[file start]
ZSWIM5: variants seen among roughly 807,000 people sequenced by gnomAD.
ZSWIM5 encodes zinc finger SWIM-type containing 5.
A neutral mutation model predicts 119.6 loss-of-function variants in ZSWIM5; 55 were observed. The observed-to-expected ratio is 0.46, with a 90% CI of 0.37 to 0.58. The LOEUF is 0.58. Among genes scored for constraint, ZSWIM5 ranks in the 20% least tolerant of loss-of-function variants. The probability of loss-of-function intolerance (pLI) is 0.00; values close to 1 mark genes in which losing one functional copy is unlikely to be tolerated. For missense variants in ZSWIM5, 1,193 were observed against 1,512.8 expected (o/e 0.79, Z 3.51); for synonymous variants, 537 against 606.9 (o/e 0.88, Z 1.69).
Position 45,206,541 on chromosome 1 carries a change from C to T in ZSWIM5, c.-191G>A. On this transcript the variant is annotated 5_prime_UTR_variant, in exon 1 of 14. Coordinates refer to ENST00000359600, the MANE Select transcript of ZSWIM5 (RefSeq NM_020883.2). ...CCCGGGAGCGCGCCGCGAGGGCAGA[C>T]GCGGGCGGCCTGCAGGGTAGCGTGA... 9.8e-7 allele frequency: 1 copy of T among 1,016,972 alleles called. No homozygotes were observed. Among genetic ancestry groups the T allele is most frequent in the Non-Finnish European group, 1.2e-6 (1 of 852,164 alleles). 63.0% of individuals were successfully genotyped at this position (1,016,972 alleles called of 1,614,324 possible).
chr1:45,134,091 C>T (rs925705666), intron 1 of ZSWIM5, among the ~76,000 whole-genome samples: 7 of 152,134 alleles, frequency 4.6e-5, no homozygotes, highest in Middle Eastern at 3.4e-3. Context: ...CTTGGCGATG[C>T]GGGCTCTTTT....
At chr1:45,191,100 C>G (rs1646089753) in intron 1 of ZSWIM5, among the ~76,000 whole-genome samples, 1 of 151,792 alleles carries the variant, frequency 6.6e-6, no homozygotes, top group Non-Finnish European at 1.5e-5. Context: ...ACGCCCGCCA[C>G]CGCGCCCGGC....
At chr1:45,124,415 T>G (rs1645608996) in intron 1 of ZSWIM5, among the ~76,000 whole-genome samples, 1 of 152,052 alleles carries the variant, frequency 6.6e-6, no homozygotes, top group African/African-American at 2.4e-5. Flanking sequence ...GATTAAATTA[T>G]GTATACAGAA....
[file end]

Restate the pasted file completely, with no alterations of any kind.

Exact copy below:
ZSWIM5: variants seen among roughly 807,000 people sequenced by gnomAD.
ZSWIM5 encodes zinc finger SWIM-type containing 5.
A neutral mutation model predicts 119.6 loss-of-function variants in ZSWIM5; 55 were observed. The observed-to-expected ratio is 0.46, with a 90% CI of 0.37 to 0.58. The LOEUF is 0.58. Among genes scored for constraint, ZSWIM5 ranks in the 20% least tolerant of loss-of-function variants. The probability of loss-of-function intolerance (pLI) is 0.00; values close to 1 mark genes in which losing one functional copy is unlikely to be tolerated. For missense variants in ZSWIM5, 1,193 were observed against 1,512.8 expected (o/e 0.79, Z 3.51); for synonymous variants, 537 against 606.9 (o/e 0.88, Z 1.69).
Position 45,206,541 on chromosome 1 carries a change from C to T in ZSWIM5, c.-191G>A. On this transcript the variant is annotated 5_prime_UTR_variant, in exon 1 of 14. Coordinates refer to ENST00000359600, the MANE Select transcript of ZSWIM5 (RefSeq NM_020883.2). ...CCCGGGAGCGCGCCGCGAGGGCAGA[C>T]GCGGGCGGCCTGCAGGGTAGCGTGA... 9.8e-7 allele frequency: 1 copy of T among 1,016,972 alleles called. No homozygotes were observed. Among genetic ancestry groups the T allele is most frequent in the Non-Finnish European group, 1.2e-6 (1 of 852,164 alleles). 63.0% of individuals were successfully genotyped at this position (1,016,972 alleles called of 1,614,324 possible).
chr1:45,134,091 C>T (rs925705666), intron 1 of ZSWIM5, among the ~76,000 whole-genome samples: 7 of 152,134 alleles, frequency 4.6e-5, no homozygotes, highest in Middle Eastern at 3.4e-3. Context: ...CTTGGCGATG[C>T]GGGCTCTTTT....
At chr1:45,191,100 C>G (rs1646089753) in intron 1 of ZSWIM5, among the ~76,000 whole-genome samples, 1 of 151,792 alleles carries the variant, frequency 6.6e-6, no homozygotes, top group Non-Finnish European at 1.5e-5. Context: ...ACGCCCGCCA[C>G]CGCGCCCGGC....
At chr1:45,124,415 T>G (rs1645608996) in intron 1 of ZSWIM5, among the ~76,000 whole-genome samples, 1 of 152,052 alleles carries the variant, frequency 6.6e-6, no homozygotes, top group African/African-American at 2.4e-5. Flanking sequence ...GATTAAATTA[T>G]GTATACAGAA....